Moon Brow by Shahriar Mandanipour

Moon Brow by Shahriar Mandanipour
“Until now, much of me has been nothing but what others remember of me” ーShahriar Mandanipour, Moon Brow
 
This book is a mothership. Read it.
MOON BROW is a beautiful love story that punched me in the heard first then let me see the beauty of it at the end. It is a beautiful love narrative in the fragment of war. Worth reading every page.
Unlike a few other books by Iranian writers that I’d read, this book is the most challenging one. I have to pause and did long research for the reference, I can’t get past it until I understand the context. The metaphor about The Wall and The Garden were mesmerizing. I learned a ton about The Islamic Revolution, Shah, Ayatollah Khomeini, The long Iraq-Iran war, the border conflict, the ethic, Iranian landscape, Tehran, Kermanshah, and Kurdistan. Also, I’ve always fond of Persian mythology so this book is such an indulgence for me.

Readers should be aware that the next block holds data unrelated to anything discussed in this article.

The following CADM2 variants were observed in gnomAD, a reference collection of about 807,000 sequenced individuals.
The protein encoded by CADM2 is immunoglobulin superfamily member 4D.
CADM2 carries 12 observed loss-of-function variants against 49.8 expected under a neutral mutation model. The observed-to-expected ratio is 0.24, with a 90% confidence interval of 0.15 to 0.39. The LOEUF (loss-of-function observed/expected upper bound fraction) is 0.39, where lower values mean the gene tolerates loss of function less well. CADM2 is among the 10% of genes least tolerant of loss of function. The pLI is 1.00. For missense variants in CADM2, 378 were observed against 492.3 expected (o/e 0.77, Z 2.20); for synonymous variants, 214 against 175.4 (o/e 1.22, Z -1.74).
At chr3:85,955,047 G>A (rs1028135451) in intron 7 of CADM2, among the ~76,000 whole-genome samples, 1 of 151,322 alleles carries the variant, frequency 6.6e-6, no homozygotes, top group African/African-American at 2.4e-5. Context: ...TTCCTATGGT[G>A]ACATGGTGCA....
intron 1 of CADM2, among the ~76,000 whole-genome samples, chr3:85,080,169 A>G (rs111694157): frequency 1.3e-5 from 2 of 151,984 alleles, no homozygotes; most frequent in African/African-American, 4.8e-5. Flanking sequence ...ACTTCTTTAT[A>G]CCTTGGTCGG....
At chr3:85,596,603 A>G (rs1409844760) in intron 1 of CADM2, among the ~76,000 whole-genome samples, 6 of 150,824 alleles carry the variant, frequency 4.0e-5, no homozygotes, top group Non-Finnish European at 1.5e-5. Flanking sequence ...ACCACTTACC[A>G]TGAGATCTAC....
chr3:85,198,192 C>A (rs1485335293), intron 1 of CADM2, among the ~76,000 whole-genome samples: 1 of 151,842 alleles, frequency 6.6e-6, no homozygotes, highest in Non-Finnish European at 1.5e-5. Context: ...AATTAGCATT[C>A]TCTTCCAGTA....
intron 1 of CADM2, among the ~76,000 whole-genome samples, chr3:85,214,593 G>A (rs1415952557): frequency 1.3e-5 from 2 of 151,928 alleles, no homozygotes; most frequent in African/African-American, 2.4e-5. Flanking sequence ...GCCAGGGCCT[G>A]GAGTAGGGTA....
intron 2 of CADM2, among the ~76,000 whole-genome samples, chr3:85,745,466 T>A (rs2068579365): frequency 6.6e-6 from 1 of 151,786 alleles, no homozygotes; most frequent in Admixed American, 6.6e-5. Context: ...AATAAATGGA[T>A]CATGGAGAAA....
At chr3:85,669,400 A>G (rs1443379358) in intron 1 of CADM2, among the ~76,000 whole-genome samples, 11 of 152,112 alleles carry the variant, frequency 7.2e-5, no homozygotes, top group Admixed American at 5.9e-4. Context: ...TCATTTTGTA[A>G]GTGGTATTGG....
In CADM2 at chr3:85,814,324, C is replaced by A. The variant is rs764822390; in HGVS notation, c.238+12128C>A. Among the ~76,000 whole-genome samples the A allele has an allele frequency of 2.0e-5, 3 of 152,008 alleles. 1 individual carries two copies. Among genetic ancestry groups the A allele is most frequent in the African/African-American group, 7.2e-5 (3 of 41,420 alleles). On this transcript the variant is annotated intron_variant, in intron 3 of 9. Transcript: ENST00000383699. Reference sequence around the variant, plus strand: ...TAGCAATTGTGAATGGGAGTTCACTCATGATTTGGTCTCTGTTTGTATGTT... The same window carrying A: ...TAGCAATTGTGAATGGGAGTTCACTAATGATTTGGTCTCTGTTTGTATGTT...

This is the story of Amir Yamini, a shell shock army of the Iraq-Iran War who lost his left arm in the battlefield. The horror of the war erased almost all of his memory. His mother and sister found him in the mental hospital and took him home. The story began when Amir, with empty memory in his head, tried to collect pieces of himself in the past, believing that it will make him whole again. His most frustration was the woman he tried to remember and saw in his dreams all the time, Moon Brow whom he desperately seeking. I have to say that I dislike Amir’s rudeness but I do respect his devotion to find her even when he gone nut and can’t remember anything in the past. In this book, Mandanipour portrayed such a devasted depiction of a psychology development of a war-traumatized veteran and the people around him who suffered greatly by and for him. It made me very depressed.
However, the most challenging part of this book is that it presented in short chapters, with the two angels on the shoulders co-narrated, each with a different voice and focus, time shifting back and forth. Oh my head, I literally took doliprane1000 after a long reading. “You need to read a book that affects you like a disaster.” You’re right Kafka. More books like this for me please.
 

 

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